Dropped and falling objects present a serious risk to B.C. workers in general and to the maritime industry in particular. Whether in routine shipboard operations, cargo handling in port or in the shipyard, the risks need to be understood and taken into account. Performing a DROPS survey on a vessel or worksite can be one way of identifying equipment at risk and raising awareness of workers. The fitting of secondary retention devices like stainless steel nets on vulnerable equipment such as lights, speakers and cameras will not prevent a dropped object incident occurring but will reduce the consequences. In areas where it is common to have personnel working on a level higher than others, the statutory required toeboards and guardrails can be supplemented with barriers which will reduce the chance of objects falling or ricocheting through.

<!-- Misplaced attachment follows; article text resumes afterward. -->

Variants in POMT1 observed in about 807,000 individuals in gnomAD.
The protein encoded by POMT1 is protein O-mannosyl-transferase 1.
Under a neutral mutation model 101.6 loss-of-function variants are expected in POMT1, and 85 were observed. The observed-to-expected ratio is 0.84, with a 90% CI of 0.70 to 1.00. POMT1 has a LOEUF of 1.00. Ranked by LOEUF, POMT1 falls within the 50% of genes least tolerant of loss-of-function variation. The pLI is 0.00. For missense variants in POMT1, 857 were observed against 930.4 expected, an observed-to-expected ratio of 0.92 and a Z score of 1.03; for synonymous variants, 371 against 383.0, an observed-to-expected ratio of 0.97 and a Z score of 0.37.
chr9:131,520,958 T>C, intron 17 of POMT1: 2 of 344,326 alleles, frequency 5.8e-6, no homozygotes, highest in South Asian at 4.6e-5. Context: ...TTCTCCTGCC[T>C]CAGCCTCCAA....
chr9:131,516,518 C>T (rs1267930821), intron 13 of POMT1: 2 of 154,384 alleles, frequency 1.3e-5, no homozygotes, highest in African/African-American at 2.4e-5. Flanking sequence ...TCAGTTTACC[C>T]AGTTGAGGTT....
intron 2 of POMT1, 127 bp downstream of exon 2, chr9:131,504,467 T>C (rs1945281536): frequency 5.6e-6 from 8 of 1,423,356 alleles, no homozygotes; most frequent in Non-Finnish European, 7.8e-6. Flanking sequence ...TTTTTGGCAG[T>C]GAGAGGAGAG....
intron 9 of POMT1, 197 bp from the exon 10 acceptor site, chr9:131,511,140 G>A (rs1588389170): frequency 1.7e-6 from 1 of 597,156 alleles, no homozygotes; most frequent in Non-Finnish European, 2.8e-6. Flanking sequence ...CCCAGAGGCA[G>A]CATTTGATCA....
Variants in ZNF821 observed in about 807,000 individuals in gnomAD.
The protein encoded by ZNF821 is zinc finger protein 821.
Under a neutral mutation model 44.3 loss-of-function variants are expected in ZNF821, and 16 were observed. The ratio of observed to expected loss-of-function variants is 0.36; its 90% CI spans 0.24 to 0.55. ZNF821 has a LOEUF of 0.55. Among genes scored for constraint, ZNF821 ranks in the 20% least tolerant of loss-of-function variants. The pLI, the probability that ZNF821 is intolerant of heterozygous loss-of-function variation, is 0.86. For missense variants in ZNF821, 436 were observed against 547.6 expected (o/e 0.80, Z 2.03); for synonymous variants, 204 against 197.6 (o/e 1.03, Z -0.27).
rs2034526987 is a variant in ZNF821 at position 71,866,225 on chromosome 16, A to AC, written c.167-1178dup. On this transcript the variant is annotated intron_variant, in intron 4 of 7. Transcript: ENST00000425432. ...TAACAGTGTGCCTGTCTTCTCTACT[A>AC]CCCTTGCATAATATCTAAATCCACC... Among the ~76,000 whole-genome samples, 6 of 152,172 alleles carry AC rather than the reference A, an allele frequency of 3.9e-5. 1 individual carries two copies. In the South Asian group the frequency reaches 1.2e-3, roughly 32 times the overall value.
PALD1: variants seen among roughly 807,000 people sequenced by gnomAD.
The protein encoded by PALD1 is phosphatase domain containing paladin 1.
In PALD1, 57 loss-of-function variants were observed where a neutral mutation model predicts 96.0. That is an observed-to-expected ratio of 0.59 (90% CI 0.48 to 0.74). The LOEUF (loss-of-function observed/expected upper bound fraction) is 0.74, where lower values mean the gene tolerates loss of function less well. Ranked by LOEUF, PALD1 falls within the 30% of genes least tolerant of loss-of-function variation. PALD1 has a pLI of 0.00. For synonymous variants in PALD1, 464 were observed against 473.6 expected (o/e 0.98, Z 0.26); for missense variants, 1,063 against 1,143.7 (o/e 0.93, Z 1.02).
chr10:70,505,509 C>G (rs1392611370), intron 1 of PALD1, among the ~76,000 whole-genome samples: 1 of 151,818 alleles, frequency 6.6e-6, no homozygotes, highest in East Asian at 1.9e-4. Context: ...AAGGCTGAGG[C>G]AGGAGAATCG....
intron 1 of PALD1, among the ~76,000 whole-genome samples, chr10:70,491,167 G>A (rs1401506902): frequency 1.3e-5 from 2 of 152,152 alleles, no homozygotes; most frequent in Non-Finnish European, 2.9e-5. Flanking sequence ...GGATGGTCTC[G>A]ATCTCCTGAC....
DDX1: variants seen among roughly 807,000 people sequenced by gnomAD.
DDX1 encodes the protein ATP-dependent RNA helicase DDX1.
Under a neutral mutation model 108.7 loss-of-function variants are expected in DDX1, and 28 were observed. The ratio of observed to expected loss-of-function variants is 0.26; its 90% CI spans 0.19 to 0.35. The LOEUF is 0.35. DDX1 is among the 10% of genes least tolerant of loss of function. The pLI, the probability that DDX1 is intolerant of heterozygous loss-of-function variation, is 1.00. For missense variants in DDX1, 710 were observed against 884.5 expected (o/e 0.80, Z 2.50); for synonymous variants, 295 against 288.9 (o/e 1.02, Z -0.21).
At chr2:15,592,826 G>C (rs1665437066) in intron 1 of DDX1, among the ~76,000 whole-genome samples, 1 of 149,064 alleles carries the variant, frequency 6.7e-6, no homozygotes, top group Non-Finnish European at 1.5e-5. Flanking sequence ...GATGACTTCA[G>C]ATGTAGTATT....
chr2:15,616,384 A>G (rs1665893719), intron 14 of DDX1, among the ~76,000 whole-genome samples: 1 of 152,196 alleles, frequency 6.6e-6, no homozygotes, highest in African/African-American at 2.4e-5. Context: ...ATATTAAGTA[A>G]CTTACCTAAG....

As large civil construction projects gather momentum on the coast, vessel operators will have to raise their operational and safety performance to a new level and this will include considering all risks to workers. Awareness of the risks caused by dropped and falling objects and potential mitigation strategies available will be a part of developing a safe system of work acceptable to clients.
Philip Woodcock is Director of the newly founded maritime consultancy, Wyndward Maritime Ltd., based in Victoria, B.C. Wyndward Maritime provides a broad range of services to the maritime industry by leveraging Philip’s international contacts and 28 years of experience with cost-effective solutions for companies either in Canada or looking to enter the Canadian market. This track record includes a detailed knowledge of the offshore wind and oil & gas industries; cruise; ship sale, purchase and chartering; and the regulatory environments that surround them. He can be reached at firstname.lastname@example.org.